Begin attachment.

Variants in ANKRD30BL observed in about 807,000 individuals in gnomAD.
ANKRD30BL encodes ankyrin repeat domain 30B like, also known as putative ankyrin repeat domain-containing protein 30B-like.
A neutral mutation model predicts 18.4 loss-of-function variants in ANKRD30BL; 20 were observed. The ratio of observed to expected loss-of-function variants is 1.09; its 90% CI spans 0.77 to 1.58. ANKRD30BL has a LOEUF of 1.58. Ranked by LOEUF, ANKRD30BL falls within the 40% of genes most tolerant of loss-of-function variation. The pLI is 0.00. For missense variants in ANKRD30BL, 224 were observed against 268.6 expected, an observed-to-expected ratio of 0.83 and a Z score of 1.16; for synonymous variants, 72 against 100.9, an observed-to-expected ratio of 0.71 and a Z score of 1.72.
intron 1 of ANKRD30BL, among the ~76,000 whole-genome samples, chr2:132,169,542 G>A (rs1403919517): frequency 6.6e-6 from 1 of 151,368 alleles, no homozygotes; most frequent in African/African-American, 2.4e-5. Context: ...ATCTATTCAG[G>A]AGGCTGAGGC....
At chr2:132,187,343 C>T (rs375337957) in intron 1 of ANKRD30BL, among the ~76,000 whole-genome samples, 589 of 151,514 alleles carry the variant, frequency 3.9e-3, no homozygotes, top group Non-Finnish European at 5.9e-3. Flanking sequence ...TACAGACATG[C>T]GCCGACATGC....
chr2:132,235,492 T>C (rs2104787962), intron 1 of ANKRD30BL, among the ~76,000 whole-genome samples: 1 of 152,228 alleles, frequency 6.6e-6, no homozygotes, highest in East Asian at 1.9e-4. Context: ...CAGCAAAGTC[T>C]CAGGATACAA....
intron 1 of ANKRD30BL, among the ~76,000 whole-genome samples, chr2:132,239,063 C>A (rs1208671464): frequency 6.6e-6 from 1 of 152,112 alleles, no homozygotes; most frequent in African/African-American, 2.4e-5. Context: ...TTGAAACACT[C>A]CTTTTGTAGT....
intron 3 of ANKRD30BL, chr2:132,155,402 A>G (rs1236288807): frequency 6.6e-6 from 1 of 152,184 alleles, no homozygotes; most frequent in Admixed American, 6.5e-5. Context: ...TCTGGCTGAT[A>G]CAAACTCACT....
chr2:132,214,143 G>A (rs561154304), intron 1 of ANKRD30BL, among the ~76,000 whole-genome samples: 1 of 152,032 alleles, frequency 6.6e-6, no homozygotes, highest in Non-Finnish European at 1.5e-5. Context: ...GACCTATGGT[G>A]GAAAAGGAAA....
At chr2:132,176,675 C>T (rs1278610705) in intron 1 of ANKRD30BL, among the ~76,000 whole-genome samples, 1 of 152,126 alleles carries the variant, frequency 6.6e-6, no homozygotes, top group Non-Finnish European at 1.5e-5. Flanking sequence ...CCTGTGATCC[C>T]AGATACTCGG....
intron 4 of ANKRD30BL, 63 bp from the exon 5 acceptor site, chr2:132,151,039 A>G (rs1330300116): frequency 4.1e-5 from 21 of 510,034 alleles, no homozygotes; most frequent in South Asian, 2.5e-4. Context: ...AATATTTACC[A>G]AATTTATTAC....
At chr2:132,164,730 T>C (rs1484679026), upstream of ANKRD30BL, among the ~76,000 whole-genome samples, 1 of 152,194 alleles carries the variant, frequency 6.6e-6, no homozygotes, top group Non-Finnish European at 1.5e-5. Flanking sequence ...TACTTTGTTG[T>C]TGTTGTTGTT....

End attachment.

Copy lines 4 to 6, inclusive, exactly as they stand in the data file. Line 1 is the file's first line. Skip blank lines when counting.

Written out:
intron 1 of ANKRD30BL, among the ~76,000 whole-genome samples, chr2:132,169,542 G>A (rs1403919517): frequency 6.6e-6 from 1 of 151,368 alleles, no homozygotes; most frequent in African/African-American, 2.4e-5. Context: ...ATCTATTCAG[G>A]AGGCTGAGGC....
At chr2:132,187,343 C>T (rs375337957) in intron 1 of ANKRD30BL, among the ~76,000 whole-genome samples, 589 of 151,514 alleles carry the variant, frequency 3.9e-3, no homozygotes, top group Non-Finnish European at 5.9e-3. Flanking sequence ...TACAGACATG[C>T]GCCGACATGC....
chr2:132,235,492 T>C (rs2104787962), intron 1 of ANKRD30BL, among the ~76,000 whole-genome samples: 1 of 152,228 alleles, frequency 6.6e-6, no homozygotes, highest in East Asian at 1.9e-4. Context: ...CAGCAAAGTC[T>C]CAGGATACAA....